For a number of years we grew most of the selected thirty-seven azaleas; but later, when we knew which were more popular locally, we settled on four of our most popular azaleas including: 'Mrs Henry Schroeder' (syn. 'Mrs H.R. Schroeder'), 'Schroeder's White Glory', 'Scarlet Frost', and 'Purple Pride'. These were available in two sizes: the larger 18" to 24" plan and a smaller-sized one of around 12" to 15". Another thing we discovered is that azaleas, regardless of variety, are best grown in shallow but wide flats rather than in conventional nursery pots of gallon size. We also discovered that azaleas grew better in pine bark mulch rather than in peat moss, as the bark mulch allowed better drainage. This growing method worked very well for us, and we were able to salvage the metal flat by selling each azalea in burlap or in a plastic bag. Our customers also appreciated the fact they were able to plant their azaleas sooner and would not have to throw away a good nursery pot.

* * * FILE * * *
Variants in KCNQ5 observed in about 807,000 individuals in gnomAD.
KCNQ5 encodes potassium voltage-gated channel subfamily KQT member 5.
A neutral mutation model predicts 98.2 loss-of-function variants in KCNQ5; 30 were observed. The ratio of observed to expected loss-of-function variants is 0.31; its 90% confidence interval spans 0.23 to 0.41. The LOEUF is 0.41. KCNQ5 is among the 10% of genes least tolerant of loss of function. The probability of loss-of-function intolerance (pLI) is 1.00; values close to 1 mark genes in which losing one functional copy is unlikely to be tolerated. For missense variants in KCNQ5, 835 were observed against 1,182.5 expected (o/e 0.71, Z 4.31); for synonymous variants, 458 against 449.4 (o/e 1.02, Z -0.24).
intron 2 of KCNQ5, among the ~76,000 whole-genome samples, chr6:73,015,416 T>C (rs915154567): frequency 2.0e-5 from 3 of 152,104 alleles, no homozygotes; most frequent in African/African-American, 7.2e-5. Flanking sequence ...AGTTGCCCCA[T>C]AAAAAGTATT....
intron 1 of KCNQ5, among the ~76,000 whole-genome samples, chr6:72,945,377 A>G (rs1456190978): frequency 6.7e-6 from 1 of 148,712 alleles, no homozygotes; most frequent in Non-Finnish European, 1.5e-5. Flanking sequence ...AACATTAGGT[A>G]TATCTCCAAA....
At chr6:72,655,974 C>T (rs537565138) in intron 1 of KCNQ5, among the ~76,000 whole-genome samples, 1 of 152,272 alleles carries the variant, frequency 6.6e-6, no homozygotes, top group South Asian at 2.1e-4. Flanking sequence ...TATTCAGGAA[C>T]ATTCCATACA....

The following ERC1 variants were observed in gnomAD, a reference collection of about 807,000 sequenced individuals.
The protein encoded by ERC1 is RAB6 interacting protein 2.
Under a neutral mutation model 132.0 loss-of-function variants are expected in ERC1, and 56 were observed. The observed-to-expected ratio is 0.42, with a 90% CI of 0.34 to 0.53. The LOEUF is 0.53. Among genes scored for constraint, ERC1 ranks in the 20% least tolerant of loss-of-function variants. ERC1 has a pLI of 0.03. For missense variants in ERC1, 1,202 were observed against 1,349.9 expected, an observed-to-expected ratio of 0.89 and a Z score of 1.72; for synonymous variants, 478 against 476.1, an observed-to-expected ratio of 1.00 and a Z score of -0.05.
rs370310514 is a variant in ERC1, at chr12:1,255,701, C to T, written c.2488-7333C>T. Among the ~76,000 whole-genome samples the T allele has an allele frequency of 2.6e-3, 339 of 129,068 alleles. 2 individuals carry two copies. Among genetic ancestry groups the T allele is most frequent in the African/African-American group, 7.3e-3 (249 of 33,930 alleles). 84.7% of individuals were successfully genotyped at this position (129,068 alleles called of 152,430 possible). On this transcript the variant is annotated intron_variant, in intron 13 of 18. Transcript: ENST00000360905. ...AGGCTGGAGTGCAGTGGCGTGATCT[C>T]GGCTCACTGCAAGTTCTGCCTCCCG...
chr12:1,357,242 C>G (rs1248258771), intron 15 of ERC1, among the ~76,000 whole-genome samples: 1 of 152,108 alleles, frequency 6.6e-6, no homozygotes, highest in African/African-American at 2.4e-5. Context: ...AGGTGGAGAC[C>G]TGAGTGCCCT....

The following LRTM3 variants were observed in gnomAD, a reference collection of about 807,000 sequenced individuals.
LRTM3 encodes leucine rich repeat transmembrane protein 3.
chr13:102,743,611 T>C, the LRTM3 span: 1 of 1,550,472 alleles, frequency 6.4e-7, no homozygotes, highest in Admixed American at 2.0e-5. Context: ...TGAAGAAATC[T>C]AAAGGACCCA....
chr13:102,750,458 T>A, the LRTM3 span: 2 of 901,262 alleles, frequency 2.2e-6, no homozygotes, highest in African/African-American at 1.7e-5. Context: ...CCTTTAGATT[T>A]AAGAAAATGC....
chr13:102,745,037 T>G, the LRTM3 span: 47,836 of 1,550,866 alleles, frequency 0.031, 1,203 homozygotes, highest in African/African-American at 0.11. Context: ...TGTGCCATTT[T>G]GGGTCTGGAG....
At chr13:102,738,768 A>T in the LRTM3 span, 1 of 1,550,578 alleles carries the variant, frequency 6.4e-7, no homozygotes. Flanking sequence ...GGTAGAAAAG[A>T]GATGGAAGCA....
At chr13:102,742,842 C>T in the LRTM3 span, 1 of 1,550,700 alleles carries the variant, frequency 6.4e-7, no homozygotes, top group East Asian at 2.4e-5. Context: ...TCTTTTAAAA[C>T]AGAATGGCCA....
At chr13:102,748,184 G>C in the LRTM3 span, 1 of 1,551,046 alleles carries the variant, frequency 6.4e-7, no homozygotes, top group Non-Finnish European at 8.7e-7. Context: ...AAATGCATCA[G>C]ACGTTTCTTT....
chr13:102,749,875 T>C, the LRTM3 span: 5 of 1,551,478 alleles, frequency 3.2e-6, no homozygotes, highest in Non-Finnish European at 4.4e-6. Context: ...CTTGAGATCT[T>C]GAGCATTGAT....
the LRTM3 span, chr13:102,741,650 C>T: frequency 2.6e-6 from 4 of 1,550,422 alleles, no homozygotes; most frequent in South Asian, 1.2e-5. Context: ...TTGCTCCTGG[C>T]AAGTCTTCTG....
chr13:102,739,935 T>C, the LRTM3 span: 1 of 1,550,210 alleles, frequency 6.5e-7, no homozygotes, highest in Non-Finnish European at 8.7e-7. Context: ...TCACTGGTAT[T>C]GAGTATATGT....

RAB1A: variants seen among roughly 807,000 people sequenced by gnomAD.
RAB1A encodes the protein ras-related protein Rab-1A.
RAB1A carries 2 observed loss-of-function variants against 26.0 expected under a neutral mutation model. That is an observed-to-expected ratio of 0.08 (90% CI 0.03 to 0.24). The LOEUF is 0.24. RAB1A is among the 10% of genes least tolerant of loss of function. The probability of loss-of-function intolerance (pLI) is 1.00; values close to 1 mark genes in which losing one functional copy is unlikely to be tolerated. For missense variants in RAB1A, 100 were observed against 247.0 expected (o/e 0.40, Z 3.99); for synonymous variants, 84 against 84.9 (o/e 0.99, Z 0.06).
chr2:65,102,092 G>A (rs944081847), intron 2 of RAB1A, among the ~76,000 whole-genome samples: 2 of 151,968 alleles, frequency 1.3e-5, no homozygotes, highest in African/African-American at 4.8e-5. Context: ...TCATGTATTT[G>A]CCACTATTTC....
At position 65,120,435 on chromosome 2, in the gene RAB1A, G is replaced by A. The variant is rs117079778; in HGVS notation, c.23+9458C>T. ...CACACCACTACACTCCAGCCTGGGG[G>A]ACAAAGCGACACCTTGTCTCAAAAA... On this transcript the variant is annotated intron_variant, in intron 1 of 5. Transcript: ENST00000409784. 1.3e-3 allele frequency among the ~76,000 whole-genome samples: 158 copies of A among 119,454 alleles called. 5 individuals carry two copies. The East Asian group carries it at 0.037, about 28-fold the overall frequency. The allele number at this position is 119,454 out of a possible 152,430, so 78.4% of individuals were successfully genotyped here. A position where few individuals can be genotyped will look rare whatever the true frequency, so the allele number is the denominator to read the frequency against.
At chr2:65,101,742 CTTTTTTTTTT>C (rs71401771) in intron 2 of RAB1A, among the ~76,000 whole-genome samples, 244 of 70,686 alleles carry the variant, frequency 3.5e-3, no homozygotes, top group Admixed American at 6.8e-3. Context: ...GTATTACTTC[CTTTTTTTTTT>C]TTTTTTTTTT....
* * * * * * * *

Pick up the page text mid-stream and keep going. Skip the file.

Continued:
As time passed, from the years of 1990 to 1999, we started noticing that sales of our azaleas to wholesalers were dropping significantly. Our regular retail sales showed some drop, but not as much as the wholesale section of business. Around 1997 we once again thought about reviving our mail order service, but due to cost of shipping and slow sales we once again dropped the mail order service idea. Also, at this time, the larger chain outlets were starting to sell azaleas and other plant material at a much lower cost than we could have charged and still make a profit and meet operating expenses.

Unexpected Problems